Tuesday, September 1, 2009 12:26PM - By Chris Weiss
Google and Sony have come to a deal that will package Google Chrome Internet browser onto new Sony PCs. The deal between Google and Sony represents the first Google has made as it pushes to compete with Microsoft IE and Mozilla Firefox in the browser market. According to the Web firm Net Applications, Chrome currently has just 3% of the market while Microsoft enjoys a large 2/3 share. Google described its plans: “”User response to Google Chrome has been outstanding, and we’re continuing to explore ways to make Chrome accessible to even more people.” [via BBC]
Friday, August 28, 2009 1:33PM - By Chris Weiss
My grandpa doesn’t know very much about the Internet; in fact, I don’t believe he’s ever owned or used a computer. But I think he could theoretically come up with better anti-malware protection than is offered by that slipped into Snow Leopard, if given a day or two to catch up. The buzz is that the anti-malware protection only scans for two trojans: OSX.RSPlug and OSX.Iservice, and it only does it for a handful of applications like Safari, Mail, iChat, Firefox and a few other Web browsers. Other applications like BitTorrent are left unprotected. [ZD Net via Crunch Gear] [Picture: Alaskan Dude]
Friday, July 31, 2009 11:00AM - By Jared Newman
While there’s no disputing the dominance of Internet Explorer, Firefox has good reason to celebrate today. The Web browser from Mozilla reached the one billion download mark at 15:00 UTC, and it continues to be downloaded at a rate of roughly 24 times per second. You could’ve followed the lead-up to this momentous occasion on Twitter, so sorry we didn’t notify you earlier, but it’s really the achievement itself that counts. Of course, Firefox doesn’t have a billion active users — that’s just preposterous — but it means a lot of people were fed up enough with their existing browser to give it a try and even stick with it through subsequent updates. If you’re still using IE6, do yourself a favor. [via PC World]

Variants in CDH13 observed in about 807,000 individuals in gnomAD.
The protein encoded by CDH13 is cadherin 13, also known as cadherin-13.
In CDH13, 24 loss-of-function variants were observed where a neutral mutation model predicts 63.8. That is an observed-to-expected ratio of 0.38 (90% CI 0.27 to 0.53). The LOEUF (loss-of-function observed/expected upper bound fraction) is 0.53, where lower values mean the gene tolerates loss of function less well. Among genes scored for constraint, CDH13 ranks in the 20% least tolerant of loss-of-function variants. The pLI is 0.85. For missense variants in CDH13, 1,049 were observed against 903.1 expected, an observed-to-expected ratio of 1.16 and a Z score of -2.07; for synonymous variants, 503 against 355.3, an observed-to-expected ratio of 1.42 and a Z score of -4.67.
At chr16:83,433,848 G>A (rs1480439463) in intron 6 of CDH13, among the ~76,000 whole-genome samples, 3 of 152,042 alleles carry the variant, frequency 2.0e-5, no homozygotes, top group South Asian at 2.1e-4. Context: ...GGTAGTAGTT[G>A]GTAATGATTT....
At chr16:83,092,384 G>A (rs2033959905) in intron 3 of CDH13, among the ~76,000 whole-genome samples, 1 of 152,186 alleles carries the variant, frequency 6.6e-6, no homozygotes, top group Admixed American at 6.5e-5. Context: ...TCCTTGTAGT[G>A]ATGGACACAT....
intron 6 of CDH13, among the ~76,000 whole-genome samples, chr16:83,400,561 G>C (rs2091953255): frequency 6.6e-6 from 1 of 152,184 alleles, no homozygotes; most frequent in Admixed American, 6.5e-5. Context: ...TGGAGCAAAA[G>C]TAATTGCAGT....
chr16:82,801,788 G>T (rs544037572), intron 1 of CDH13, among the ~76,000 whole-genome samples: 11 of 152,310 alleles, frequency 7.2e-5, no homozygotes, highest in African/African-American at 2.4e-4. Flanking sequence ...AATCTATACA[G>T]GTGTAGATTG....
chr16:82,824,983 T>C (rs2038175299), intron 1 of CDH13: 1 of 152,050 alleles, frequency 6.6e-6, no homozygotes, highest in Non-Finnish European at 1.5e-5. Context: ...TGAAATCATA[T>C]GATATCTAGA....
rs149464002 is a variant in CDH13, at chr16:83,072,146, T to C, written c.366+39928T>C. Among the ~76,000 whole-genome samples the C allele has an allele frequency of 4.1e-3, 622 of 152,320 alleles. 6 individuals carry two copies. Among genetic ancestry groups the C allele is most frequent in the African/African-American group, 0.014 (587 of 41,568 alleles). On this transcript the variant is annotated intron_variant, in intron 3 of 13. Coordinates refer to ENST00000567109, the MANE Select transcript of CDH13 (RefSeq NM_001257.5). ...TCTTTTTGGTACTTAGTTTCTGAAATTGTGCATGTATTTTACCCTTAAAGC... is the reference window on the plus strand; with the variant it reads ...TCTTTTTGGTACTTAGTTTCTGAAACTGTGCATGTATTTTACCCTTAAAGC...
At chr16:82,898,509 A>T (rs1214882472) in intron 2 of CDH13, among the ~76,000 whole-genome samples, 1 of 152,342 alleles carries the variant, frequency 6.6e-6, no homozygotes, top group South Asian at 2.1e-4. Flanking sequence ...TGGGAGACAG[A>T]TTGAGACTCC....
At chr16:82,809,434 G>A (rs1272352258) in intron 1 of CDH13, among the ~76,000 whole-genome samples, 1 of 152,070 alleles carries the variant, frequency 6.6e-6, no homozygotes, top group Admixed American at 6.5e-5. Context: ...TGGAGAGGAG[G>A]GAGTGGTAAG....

Tuesday, July 7, 2009 12:00PM - By Jared Newman
Microsoft is sounding the alarms on a computer security vulnerability that it hasn’t fixed yet. The worm, referred to obtusely as “Vulnerability in Microsoft Video ActiveX,” attacks through Internet Explorer when visiting hacked or malicious sites, often through spam e-mail. But here’s thing: Windows Vista users are safe, as the problem only affects computers running Windows XP or Windows Server 2003. Until the patch arrives, those users will have to disable Microsoft Video ActiveX Control, and then re-enable it later. This can be done through Microsoft’s Web site. If I didn’t know any better, I’d say this is a subtle advertisement for Windows Vista. Either that, or more ammunition for Apple ads. [via the Associated Press]
Friday, June 12, 2009 10:29AM - By Chris Weiss
What’s one thing that wakes up Microsoft execs in a cold sweat even more than the thought of Windows 7 flopping as hard as Vista? Apparently, antitrust investigations.
If you happen to live in any of the member nations of the European Economic Area, Croatia or Switzerland and are looking forward to tearing open your brand new Windows 7 complete with IE 8, you can forget it. It’s not happening. Due to a European Union antitrust investigation revolving around Microsoft’s stake in the OS and internet browser, Microsoft will only be distributing an Explorerless version called Windows 7 E in Europe. It’s then left up to the OEM or consumer to install Internet Explorer 8, a different browser or a potpourri of multiple browsers.